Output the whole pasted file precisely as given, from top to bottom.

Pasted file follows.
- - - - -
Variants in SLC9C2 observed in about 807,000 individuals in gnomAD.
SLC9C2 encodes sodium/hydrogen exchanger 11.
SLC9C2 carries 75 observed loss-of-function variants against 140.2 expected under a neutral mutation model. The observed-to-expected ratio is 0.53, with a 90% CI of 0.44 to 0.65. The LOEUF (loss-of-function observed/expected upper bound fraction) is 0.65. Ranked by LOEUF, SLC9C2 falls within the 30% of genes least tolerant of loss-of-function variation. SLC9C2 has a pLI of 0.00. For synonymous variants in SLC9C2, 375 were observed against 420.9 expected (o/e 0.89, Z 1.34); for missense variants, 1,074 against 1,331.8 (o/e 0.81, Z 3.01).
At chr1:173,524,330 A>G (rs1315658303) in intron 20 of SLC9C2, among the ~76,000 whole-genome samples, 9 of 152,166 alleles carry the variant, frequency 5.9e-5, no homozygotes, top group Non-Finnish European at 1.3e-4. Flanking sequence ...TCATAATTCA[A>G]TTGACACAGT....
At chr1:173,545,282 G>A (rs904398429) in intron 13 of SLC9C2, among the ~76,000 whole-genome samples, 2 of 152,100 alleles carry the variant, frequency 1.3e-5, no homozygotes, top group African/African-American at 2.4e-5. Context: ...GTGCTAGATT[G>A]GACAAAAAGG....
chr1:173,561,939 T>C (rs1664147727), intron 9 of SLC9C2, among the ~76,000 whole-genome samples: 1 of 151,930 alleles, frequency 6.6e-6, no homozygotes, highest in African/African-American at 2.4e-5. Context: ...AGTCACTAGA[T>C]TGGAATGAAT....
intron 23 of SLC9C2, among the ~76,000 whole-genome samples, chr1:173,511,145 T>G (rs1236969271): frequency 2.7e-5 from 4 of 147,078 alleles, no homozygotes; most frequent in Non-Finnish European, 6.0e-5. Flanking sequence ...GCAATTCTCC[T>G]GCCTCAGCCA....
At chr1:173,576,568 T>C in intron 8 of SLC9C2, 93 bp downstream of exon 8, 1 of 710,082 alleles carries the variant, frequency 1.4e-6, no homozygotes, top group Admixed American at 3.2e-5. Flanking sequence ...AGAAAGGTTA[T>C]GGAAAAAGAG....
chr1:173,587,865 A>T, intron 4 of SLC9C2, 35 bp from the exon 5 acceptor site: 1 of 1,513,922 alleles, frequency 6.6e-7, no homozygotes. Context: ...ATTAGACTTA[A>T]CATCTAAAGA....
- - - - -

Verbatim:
Variants in SLC9C2 observed in about 807,000 individuals in gnomAD.
SLC9C2 encodes sodium/hydrogen exchanger 11.
SLC9C2 carries 75 observed loss-of-function variants against 140.2 expected under a neutral mutation model. The observed-to-expected ratio is 0.53, with a 90% CI of 0.44 to 0.65. The LOEUF (loss-of-function observed/expected upper bound fraction) is 0.65. Ranked by LOEUF, SLC9C2 falls within the 30% of genes least tolerant of loss-of-function variation. SLC9C2 has a pLI of 0.00. For synonymous variants in SLC9C2, 375 were observed against 420.9 expected (o/e 0.89, Z 1.34); for missense variants, 1,074 against 1,331.8 (o/e 0.81, Z 3.01).
At chr1:173,524,330 A>G (rs1315658303) in intron 20 of SLC9C2, among the ~76,000 whole-genome samples, 9 of 152,166 alleles carry the variant, frequency 5.9e-5, no homozygotes, top group Non-Finnish European at 1.3e-4. Flanking sequence ...TCATAATTCA[A>G]TTGACACAGT....
At chr1:173,545,282 G>A (rs904398429) in intron 13 of SLC9C2, among the ~76,000 whole-genome samples, 2 of 152,100 alleles carry the variant, frequency 1.3e-5, no homozygotes, top group African/African-American at 2.4e-5. Context: ...GTGCTAGATT[G>A]GACAAAAAGG....
chr1:173,561,939 T>C (rs1664147727), intron 9 of SLC9C2, among the ~76,000 whole-genome samples: 1 of 151,930 alleles, frequency 6.6e-6, no homozygotes, highest in African/African-American at 2.4e-5. Context: ...AGTCACTAGA[T>C]TGGAATGAAT....
intron 23 of SLC9C2, among the ~76,000 whole-genome samples, chr1:173,511,145 T>G (rs1236969271): frequency 2.7e-5 from 4 of 147,078 alleles, no homozygotes; most frequent in Non-Finnish European, 6.0e-5. Flanking sequence ...GCAATTCTCC[T>G]GCCTCAGCCA....
At chr1:173,576,568 T>C in intron 8 of SLC9C2, 93 bp downstream of exon 8, 1 of 710,082 alleles carries the variant, frequency 1.4e-6, no homozygotes, top group Admixed American at 3.2e-5. Flanking sequence ...AGAAAGGTTA[T>C]GGAAAAAGAG....
chr1:173,587,865 A>T, intron 4 of SLC9C2, 35 bp from the exon 5 acceptor site: 1 of 1,513,922 alleles, frequency 6.6e-7, no homozygotes. Context: ...ATTAGACTTA[A>T]CATCTAAAGA....